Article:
Newfoundland and Labrador gets D grade on education, skills report card

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Newfoundland and Labrador has been given a “D” grade on The Conference Board of Canada’s first “How Canada Performs: Education and Skills” report card, comparing the 10 provinces and 16 advanced countries.

“Newfoundland and Labrador has shown improvement in many of the basic building blocks of an educated population—notably its high school and college completion rates,” said Michael Bloom, vice-president, Industry and Business Strategy, with the Conference Board of Canada. “As the provincial economy continues to expand, Newfoundland and Labrador will need to find skilled workers."

 Among its highlights, the report card says Newfoundland and Labrador has shown great improvement in high-school and college attainment rates, but student skills are relatively weak. The province was given “D” grades for the high number of adults with low literacy, numeracy, and problem-solving skills.

 The province received a “B” on the percentage of the population, aged 25 to 64 that has completed high school — the only province to not earn an “A” grade on this indicator. However, among the provincial population, aged 25 to 34 years, 93 per cent have earned a high school diploma, on par with the rest of the country.

 In addition, Newfoundland and Labrador earned an “A” grade for the share of its population aged 25 to 64 with a college diploma.

 The report says the province’s critical weaknesses are in the areas of student skills and adult skills, where Newfoundland and Labrador is a below-average performer compared to other provinces and international peers.

 Newfoundland and Labrador achieved mostly “C” grades on the results of the Programme for International Student Assessment (PISA) test of 15-year-old students. It receives a “D” grade for its low proportion of students with high-level math skills, but a “B” for a comparatively small proportion of students with low-level science skills.

The province was given “D” grades for all adult skills indicators, including a “D-“ for the share of adults with inadequate numeracy skills.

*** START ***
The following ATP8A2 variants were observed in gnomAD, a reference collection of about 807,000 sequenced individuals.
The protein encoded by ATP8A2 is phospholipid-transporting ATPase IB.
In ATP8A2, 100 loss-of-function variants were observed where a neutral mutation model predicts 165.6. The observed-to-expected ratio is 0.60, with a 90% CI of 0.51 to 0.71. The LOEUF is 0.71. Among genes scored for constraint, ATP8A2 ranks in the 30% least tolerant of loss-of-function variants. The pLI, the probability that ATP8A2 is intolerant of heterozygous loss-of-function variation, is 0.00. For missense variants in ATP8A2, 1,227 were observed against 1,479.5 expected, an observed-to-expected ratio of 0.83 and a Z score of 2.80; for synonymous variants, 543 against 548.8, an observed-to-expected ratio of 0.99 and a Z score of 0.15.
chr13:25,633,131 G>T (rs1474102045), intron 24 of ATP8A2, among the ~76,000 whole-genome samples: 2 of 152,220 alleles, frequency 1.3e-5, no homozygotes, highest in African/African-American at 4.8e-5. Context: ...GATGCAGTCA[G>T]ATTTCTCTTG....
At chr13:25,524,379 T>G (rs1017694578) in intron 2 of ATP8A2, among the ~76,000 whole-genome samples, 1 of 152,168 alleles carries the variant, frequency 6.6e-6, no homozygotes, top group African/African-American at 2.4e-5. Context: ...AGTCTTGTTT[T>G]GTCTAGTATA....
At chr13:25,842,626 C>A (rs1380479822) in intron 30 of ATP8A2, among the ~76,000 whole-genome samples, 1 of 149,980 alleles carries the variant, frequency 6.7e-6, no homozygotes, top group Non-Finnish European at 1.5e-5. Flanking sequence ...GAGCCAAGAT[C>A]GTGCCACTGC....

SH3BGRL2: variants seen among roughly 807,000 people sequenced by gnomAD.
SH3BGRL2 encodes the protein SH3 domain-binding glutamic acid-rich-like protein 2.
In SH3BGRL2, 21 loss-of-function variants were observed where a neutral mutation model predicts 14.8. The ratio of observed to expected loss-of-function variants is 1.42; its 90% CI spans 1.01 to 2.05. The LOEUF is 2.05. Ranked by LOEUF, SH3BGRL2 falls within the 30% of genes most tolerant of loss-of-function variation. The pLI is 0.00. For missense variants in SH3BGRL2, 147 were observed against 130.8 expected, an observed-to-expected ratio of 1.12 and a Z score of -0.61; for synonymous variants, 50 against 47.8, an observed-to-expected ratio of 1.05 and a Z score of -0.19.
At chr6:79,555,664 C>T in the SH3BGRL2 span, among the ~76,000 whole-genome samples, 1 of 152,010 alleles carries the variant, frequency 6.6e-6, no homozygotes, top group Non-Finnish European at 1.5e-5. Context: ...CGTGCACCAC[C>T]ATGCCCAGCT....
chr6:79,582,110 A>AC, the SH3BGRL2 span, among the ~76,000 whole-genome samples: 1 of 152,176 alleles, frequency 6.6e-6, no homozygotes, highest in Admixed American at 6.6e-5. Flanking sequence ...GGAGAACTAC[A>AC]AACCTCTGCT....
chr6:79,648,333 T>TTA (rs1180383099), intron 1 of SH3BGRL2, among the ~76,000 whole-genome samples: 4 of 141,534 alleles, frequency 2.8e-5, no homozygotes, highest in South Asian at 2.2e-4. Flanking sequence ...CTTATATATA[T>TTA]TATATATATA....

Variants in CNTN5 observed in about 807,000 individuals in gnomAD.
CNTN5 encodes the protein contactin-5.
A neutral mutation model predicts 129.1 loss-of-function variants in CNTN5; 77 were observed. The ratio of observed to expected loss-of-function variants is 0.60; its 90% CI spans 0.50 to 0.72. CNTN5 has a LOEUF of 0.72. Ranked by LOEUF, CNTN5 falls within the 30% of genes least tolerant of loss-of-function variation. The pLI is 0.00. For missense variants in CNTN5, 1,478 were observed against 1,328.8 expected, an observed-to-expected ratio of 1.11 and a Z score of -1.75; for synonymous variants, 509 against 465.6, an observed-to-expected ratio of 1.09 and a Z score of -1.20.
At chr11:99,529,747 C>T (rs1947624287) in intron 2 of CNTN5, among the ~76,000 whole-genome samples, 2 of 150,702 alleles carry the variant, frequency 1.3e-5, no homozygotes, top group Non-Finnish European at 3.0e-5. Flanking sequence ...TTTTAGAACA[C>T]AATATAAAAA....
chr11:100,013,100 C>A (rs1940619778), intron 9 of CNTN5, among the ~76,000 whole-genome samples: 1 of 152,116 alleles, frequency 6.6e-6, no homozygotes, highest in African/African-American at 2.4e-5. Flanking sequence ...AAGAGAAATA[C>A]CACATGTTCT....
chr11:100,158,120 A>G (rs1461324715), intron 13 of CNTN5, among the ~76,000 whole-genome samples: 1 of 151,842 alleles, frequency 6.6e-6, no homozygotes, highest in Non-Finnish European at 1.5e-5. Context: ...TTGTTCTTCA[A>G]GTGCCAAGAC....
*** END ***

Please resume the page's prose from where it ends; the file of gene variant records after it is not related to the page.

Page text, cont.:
How Canada Performs is an ongoing research program at The Conference Board of Canada to help leaders identify relative strengths and weaknesses in Canada’s socio-economic performance.

The education and skills report card is the second of six to be produced over the next year on Canadian and provincial socio-economic performance. The economy report card was published in May. The remaining report cards will follow over the next year.

More from the report can be read by clicking HERE.

Organizations: Conference Board of Canada

Geographic location: Newfoundland and Labrador, Canada

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  • chas
    June 26, 2014 - 19:47

    If "curriculum is wrong," how can you say "many who are paid to teach don't have the skills and ability to teach the specific subject areas"? What great qualifications do you have to be able to make such a statement?

  • chas
    June 26, 2014 - 19:46

    If "curriculum is wrong," how can you say "many who are paid to teach don't have the skills and ability to teach the specific subject areas"? What great qualifications do you have to be able to make such a statement?

  • zero score
    June 26, 2014 - 10:33

    This poor result is a clear message of the failure of our education system. The curriculum is wrong and we obviously have a problem with the teaching delivery to students i.e. many who are paid to teach that do not have the skills and ability to teach the specific subject areas. This is easy to fix - learn from those that are leaders in education. That is follow the curriculum in Quebec, Alberta, Ontario and BC and hire math and English teachers who have the skills and background to teach these skills. We do not need a made in NL solution to learn how to teach math others have this figured out just follow what they are doing right and forget what our system is doing - it is wrong.